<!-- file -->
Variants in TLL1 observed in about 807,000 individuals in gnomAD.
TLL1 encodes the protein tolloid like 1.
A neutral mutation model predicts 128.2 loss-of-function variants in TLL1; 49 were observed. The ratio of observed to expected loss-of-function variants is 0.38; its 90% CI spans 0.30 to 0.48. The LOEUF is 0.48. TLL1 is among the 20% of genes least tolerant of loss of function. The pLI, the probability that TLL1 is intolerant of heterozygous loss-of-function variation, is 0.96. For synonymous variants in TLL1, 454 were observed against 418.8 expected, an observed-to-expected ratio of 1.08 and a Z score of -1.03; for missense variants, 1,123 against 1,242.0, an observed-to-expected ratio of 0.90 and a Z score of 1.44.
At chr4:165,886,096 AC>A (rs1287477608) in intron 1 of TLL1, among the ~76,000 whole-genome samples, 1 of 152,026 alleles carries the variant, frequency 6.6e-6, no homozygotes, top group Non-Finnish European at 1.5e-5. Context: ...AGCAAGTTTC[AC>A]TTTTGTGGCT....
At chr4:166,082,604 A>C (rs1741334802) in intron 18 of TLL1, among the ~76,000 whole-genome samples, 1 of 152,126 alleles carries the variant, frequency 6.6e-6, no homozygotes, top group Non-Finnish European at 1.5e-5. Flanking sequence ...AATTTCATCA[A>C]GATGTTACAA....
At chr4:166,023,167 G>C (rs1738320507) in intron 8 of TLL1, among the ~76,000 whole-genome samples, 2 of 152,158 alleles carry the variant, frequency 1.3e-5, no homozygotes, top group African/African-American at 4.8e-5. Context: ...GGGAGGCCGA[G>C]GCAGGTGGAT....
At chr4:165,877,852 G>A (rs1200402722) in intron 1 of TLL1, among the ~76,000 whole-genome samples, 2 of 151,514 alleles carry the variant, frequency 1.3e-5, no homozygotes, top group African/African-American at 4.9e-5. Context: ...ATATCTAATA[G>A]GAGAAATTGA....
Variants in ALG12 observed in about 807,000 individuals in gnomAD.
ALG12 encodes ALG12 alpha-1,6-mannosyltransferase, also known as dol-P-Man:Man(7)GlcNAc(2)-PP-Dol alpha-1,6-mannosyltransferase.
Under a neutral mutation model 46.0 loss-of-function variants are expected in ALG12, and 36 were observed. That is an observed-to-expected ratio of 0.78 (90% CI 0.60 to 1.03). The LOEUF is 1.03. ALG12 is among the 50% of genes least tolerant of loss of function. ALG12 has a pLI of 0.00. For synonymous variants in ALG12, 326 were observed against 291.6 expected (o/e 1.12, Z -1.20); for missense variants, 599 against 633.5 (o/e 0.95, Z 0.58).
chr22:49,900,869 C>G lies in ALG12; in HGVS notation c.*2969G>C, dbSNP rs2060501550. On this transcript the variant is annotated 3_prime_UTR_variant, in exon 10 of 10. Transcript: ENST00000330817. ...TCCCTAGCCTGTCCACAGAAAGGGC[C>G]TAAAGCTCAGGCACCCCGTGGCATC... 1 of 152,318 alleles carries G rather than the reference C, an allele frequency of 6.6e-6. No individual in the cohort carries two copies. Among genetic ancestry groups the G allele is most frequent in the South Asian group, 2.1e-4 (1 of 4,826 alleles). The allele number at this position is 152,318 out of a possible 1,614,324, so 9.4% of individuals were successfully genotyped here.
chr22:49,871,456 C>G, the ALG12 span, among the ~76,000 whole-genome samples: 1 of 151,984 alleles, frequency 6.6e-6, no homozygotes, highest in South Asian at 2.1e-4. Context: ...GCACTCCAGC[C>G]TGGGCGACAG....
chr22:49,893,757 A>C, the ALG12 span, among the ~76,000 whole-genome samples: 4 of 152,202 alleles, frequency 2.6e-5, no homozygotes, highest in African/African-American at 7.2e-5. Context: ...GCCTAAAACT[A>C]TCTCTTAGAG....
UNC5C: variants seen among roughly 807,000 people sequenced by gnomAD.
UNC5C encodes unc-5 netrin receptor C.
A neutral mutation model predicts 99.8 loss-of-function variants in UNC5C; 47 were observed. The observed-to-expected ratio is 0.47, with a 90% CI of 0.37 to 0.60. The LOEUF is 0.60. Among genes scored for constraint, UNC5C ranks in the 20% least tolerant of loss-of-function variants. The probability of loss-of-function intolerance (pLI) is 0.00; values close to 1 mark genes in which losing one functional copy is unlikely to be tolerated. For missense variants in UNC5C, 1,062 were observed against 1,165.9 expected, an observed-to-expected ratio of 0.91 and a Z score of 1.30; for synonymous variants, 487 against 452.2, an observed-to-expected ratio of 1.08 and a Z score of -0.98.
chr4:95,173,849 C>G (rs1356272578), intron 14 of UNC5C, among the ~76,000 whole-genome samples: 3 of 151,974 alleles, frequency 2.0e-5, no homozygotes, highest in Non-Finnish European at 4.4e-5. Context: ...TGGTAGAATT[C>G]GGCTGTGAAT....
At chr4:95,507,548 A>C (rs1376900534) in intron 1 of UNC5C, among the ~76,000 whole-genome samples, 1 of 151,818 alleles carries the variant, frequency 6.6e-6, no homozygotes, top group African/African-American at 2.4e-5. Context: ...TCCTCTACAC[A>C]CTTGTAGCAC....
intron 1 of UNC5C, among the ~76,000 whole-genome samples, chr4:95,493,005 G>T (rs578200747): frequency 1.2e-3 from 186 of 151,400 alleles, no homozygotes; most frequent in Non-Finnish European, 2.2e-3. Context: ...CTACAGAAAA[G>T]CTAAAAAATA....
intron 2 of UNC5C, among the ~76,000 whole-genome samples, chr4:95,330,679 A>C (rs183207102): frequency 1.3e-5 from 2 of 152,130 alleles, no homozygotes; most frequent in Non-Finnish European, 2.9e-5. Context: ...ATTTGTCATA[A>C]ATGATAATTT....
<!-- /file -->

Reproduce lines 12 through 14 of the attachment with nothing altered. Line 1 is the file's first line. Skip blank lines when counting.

chr22:49,871,456 C>G, the ALG12 span, among the ~76,000 whole-genome samples: 1 of 151,984 alleles, frequency 6.6e-6, no homozygotes, highest in South Asian at 2.1e-4. Context: ...GCACTCCAGC[C>G]TGGGCGACAG....
chr22:49,893,757 A>C, the ALG12 span, among the ~76,000 whole-genome samples: 4 of 152,202 alleles, frequency 2.6e-5, no homozygotes, highest in African/African-American at 7.2e-5. Context: ...GCCTAAAACT[A>C]TCTCTTAGAG....
UNC5C: variants seen among roughly 807,000 people sequenced by gnomAD.